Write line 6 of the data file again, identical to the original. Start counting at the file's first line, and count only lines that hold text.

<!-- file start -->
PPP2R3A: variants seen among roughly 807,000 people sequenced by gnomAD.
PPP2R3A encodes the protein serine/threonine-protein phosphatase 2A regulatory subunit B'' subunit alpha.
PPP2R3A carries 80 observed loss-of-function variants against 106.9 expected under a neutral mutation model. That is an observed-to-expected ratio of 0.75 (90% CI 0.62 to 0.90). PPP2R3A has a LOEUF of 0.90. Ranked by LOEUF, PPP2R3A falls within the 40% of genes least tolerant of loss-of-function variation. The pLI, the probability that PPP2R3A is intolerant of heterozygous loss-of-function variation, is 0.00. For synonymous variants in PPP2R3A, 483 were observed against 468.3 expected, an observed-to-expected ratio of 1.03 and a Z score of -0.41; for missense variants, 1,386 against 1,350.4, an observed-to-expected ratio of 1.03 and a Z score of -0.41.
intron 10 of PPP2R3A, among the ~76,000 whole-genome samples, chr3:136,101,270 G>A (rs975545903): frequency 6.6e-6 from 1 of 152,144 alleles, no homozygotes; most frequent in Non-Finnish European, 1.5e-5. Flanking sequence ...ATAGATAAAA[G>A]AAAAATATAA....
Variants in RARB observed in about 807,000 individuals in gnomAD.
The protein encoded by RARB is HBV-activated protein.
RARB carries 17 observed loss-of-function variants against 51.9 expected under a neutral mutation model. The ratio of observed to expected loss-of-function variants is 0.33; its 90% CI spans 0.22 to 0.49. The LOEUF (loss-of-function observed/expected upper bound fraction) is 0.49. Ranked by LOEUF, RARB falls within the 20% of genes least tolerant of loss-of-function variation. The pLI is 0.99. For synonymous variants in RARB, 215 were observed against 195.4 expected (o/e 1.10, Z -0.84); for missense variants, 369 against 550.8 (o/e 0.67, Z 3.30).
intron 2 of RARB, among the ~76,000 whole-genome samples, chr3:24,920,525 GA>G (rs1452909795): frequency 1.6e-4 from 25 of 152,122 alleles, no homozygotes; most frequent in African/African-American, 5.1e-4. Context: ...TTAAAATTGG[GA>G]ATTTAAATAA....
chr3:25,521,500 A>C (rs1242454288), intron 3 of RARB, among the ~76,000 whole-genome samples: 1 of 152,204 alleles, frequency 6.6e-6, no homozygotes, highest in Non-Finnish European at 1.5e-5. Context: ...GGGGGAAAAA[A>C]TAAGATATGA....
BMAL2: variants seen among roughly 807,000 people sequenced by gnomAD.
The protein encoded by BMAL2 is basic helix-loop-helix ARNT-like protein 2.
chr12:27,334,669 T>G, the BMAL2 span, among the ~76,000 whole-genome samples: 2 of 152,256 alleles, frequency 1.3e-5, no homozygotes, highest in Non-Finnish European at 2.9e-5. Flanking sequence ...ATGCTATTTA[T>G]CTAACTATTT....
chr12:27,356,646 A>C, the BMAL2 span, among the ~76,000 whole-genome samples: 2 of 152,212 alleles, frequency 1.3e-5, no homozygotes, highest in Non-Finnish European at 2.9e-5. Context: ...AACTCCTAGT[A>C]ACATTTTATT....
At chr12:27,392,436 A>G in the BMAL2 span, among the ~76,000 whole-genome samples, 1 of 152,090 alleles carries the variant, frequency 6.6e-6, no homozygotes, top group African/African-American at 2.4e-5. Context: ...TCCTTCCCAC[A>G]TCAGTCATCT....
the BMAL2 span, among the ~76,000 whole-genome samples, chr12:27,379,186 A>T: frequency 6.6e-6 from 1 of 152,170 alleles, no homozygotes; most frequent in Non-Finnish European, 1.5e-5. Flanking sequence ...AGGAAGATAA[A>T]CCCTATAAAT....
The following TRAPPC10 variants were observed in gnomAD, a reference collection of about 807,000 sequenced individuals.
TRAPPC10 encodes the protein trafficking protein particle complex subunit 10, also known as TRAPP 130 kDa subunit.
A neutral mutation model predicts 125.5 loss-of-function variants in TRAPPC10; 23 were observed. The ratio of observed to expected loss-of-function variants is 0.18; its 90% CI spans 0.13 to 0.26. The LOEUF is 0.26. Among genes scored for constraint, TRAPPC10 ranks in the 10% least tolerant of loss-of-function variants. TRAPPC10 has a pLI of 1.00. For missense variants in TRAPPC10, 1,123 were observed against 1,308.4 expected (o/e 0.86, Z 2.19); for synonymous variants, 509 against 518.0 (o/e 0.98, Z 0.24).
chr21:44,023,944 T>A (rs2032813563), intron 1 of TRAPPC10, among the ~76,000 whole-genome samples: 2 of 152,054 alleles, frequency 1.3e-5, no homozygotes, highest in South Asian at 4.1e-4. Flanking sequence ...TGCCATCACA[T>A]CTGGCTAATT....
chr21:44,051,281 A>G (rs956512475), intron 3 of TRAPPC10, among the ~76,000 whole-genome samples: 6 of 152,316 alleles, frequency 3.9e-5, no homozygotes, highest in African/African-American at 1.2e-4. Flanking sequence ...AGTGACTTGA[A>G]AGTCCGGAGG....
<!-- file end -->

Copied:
The protein encoded by RARB is HBV-activated protein.